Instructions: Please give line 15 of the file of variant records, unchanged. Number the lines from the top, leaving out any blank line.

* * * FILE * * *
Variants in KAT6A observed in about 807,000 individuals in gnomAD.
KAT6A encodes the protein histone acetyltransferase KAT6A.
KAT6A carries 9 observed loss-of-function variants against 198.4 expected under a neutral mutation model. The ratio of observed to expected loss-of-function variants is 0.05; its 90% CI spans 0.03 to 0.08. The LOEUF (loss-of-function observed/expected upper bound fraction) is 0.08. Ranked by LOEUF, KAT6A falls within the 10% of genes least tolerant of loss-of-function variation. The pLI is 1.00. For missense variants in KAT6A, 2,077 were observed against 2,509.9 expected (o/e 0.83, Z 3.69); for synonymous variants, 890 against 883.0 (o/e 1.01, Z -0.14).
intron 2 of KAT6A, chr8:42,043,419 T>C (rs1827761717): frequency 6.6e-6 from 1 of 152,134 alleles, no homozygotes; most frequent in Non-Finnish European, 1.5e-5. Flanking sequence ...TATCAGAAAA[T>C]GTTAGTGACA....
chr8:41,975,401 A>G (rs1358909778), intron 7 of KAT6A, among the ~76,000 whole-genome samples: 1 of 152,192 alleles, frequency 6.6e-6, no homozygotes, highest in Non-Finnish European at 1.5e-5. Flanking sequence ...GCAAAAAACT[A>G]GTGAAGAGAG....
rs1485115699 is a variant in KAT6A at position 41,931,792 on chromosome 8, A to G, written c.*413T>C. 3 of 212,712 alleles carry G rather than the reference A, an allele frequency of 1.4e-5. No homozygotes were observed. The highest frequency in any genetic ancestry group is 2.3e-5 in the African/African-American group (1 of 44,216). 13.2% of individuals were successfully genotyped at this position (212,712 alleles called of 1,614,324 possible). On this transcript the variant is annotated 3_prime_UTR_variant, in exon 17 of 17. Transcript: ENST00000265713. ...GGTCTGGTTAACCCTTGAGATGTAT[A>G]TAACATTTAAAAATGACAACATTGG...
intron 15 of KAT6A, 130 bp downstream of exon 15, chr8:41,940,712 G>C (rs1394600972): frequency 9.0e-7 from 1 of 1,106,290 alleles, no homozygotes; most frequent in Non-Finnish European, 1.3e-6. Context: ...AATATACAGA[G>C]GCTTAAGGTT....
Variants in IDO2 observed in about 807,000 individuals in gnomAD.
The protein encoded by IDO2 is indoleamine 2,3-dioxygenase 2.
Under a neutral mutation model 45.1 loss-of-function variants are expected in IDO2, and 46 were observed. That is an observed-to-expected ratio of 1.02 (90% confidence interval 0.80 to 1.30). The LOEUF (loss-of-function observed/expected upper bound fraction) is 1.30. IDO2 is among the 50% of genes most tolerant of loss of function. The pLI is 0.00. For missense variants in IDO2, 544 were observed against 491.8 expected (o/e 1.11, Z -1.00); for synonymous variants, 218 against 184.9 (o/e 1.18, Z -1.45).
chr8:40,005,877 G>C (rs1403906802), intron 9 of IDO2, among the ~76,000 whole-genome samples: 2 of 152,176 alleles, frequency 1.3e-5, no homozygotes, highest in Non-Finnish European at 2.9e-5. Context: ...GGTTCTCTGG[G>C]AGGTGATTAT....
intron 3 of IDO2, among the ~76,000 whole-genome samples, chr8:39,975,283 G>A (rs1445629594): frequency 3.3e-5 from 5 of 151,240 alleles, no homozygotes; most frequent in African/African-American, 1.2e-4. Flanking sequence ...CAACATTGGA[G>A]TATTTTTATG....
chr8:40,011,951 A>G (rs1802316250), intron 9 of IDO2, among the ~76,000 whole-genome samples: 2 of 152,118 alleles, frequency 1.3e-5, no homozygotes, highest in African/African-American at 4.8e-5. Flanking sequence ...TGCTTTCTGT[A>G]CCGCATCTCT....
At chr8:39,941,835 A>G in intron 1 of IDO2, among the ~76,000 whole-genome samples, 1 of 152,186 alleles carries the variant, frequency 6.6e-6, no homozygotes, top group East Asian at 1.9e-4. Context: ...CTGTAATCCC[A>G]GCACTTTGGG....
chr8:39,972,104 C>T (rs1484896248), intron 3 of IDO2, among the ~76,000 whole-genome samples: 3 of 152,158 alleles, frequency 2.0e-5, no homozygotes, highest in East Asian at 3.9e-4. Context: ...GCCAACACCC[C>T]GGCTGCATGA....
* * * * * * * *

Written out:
chr8:39,972,104 C>T (rs1484896248), intron 3 of IDO2, among the ~76,000 whole-genome samples: 3 of 152,158 alleles, frequency 2.0e-5, no homozygotes, highest in East Asian at 3.9e-4. Context: ...GCCAACACCC[C>T]GGCTGCATGA....